Magical Battle Arena marks the boundaries of the battlefield with a literal invisible wall: a pink grid-like magical barrier that only becomes visible when you touch it (or try to blow it up), and only that specific spot that you touch. It's visible on the HUD minimap, though.
Every combat map in Mount & Blade is surrounded by a perfectly rectangular one of these. The wall itself isn't invisible, but if you're sufficiently close to it, you'll notice an abrupt change in the texture of the ground, as well as the fact that you cannot walk or ride across this change in texture. It's encountered most often with the highly mobile horse-versus-horse encounters, since the slower infantry don't usually get very far from the center.
Prototype tries to avert this by having the military launch air strikes at you if you try to leave the quarantined island, but it's fairly easy to dodge them on foot while running across a bridge, which lets you reach an invisible wall. The camera moves to an overhead view to stop you from seeing any further, but strangely, you can still target enemies beyond the wall - you just can't attack them.
There's also a flashback segment where you're recalling what happened before the quarantine came into effect. If you try to leave the island, no military air strike happens, but the invisible wall still keeps you from leaving. Way to tax Suspension of Disbelief, guys!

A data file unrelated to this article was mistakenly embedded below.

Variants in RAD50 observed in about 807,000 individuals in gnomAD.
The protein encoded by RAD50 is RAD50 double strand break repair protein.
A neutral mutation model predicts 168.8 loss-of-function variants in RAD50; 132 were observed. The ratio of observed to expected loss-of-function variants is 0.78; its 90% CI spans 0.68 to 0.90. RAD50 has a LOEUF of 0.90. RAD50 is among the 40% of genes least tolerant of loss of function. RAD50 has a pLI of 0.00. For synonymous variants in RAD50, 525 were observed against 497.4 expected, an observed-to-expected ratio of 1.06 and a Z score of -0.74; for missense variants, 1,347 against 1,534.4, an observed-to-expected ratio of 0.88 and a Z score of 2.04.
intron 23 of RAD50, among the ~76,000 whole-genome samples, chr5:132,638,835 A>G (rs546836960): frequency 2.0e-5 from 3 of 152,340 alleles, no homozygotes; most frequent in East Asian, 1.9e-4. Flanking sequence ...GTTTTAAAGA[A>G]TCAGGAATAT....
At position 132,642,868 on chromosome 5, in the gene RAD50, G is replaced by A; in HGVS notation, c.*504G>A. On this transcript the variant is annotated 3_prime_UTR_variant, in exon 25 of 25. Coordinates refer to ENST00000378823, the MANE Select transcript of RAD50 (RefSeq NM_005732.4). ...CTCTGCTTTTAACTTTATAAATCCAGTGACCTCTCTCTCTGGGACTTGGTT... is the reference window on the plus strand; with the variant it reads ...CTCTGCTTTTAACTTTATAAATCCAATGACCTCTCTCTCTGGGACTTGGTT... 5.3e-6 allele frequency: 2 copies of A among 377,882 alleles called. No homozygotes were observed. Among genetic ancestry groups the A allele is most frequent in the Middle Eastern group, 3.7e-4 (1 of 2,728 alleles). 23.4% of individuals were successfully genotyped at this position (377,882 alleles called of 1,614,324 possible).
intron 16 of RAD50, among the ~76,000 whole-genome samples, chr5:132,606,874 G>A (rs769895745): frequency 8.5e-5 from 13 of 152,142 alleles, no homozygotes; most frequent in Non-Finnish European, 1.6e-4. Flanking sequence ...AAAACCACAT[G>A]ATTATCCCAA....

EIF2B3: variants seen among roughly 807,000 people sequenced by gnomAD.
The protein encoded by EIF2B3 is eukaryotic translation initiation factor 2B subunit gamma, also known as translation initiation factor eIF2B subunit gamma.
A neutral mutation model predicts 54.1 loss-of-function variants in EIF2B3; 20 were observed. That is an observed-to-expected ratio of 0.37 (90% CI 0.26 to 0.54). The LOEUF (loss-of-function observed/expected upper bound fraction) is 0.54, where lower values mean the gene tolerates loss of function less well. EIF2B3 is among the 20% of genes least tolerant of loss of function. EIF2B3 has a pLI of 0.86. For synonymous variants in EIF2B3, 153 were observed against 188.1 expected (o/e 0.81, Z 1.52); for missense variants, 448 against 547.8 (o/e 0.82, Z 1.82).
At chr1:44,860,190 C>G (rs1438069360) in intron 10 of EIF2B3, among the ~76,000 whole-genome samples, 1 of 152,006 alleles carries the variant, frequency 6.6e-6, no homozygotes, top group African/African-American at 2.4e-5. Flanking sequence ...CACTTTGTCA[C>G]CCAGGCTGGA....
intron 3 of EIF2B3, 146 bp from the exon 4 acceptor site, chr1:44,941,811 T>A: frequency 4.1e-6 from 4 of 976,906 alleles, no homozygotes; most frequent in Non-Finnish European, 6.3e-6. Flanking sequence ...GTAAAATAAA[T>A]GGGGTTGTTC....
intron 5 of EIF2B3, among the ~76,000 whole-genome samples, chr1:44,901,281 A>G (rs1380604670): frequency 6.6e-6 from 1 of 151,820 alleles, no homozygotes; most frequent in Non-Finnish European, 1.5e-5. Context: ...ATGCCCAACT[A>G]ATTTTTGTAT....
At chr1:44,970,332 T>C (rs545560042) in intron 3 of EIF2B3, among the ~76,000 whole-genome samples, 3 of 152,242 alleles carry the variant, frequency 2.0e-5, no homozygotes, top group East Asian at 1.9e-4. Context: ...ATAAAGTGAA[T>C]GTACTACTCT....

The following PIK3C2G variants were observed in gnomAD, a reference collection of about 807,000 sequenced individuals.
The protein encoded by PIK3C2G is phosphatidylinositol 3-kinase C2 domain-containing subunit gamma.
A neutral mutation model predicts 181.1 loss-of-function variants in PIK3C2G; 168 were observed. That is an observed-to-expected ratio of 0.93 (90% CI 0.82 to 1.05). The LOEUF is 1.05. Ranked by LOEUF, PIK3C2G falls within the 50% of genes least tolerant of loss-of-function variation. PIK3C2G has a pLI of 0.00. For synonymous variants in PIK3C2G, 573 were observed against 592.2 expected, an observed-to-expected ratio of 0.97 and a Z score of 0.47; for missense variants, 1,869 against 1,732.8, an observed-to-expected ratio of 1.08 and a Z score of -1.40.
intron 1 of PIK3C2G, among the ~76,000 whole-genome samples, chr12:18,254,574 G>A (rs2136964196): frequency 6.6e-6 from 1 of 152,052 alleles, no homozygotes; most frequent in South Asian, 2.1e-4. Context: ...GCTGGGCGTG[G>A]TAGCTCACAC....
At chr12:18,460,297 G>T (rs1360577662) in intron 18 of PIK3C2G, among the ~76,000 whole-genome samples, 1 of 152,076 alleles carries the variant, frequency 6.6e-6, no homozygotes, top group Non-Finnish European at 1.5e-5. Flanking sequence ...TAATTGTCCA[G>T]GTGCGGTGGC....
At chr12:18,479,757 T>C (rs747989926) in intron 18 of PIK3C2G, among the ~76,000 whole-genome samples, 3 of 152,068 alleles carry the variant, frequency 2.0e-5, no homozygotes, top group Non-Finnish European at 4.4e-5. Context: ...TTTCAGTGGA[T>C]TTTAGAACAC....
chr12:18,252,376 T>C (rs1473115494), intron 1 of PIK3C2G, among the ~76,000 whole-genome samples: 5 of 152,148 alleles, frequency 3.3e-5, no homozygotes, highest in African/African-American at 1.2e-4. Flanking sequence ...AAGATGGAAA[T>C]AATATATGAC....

Donkey Kong 64 is very guilty of this in its hub area, set in the ocean. Trying to swim past the limits of the world just end up with your monkey wading at the same spot over and over.
NiGHTS Into Dreams includes a variation of the Invisible Wall combined with an invisible cannon, ala Motocross Madness. The edge of a Dream World is marked by a change in the floor to a strange purple surface, and trying to go on it or over it results in Claris or Elliot being flung back a large distance.
Annoyingly, NiGHTS: Journey of Dreams plays this normally. Quite annoying, since in the original, at least you could temporarily stop the Egg Timer... Here, the Awakers can't be stopped, so if you come up against an Invisible Wall, you're pretty much screwed.
A few Team Fortress 2 fan-made maps feature these on staircases. One server has dubbed them "Stairways to Heaven" because they have to go somewhere.
Although maps generally make good use of the Insurmountable Waist High Fence, the Demoman and Soldier are able to send themselves flying all over the place, easily clearing most all of these. As a result, the invisible walls are called in. Can be particularly annoying not having an indication of which rooftops you can access and which are behind unseen barriers.
Also, in one map, there are some roadside barriers keeping you away from barren desert. All normal jumps don't go taller than them, but the scout's double jump does. Invisible wall right there.
They're everywhere in The Legend of Zelda: Ocarina of Time, though most of them involve using the levitation code on a Game Shark to get to places you couldn't normally go. You can however reach the one behind the windmill at Kakariko village using the cuckoo in the windmill. Sometimes you can hookshot or shoot your arrows at invisible walls without realizing it.